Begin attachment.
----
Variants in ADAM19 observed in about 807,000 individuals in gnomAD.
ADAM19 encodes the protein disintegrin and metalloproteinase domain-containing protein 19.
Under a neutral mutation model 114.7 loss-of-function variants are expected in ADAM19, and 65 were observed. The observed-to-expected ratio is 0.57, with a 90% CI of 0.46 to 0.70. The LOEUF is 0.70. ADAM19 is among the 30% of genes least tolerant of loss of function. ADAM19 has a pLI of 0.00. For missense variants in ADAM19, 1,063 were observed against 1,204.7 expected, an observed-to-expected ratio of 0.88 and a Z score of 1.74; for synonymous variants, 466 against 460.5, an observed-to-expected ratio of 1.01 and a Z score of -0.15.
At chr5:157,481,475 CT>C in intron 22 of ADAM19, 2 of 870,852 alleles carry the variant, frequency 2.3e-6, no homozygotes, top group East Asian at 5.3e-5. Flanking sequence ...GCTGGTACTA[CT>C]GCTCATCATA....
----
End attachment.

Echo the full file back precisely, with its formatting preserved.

Variants in ADAM19 observed in about 807,000 individuals in gnomAD.
ADAM19 encodes the protein disintegrin and metalloproteinase domain-containing protein 19.
Under a neutral mutation model 114.7 loss-of-function variants are expected in ADAM19, and 65 were observed. The observed-to-expected ratio is 0.57, with a 90% CI of 0.46 to 0.70. The LOEUF is 0.70. ADAM19 is among the 30% of genes least tolerant of loss of function. ADAM19 has a pLI of 0.00. For missense variants in ADAM19, 1,063 were observed against 1,204.7 expected, an observed-to-expected ratio of 0.88 and a Z score of 1.74; for synonymous variants, 466 against 460.5, an observed-to-expected ratio of 1.01 and a Z score of -0.15.
At chr5:157,481,475 CT>C in intron 22 of ADAM19, 2 of 870,852 alleles carry the variant, frequency 2.3e-6, no homozygotes, top group East Asian at 5.3e-5. Flanking sequence ...GCTGGTACTA[CT>C]GCTCATCATA....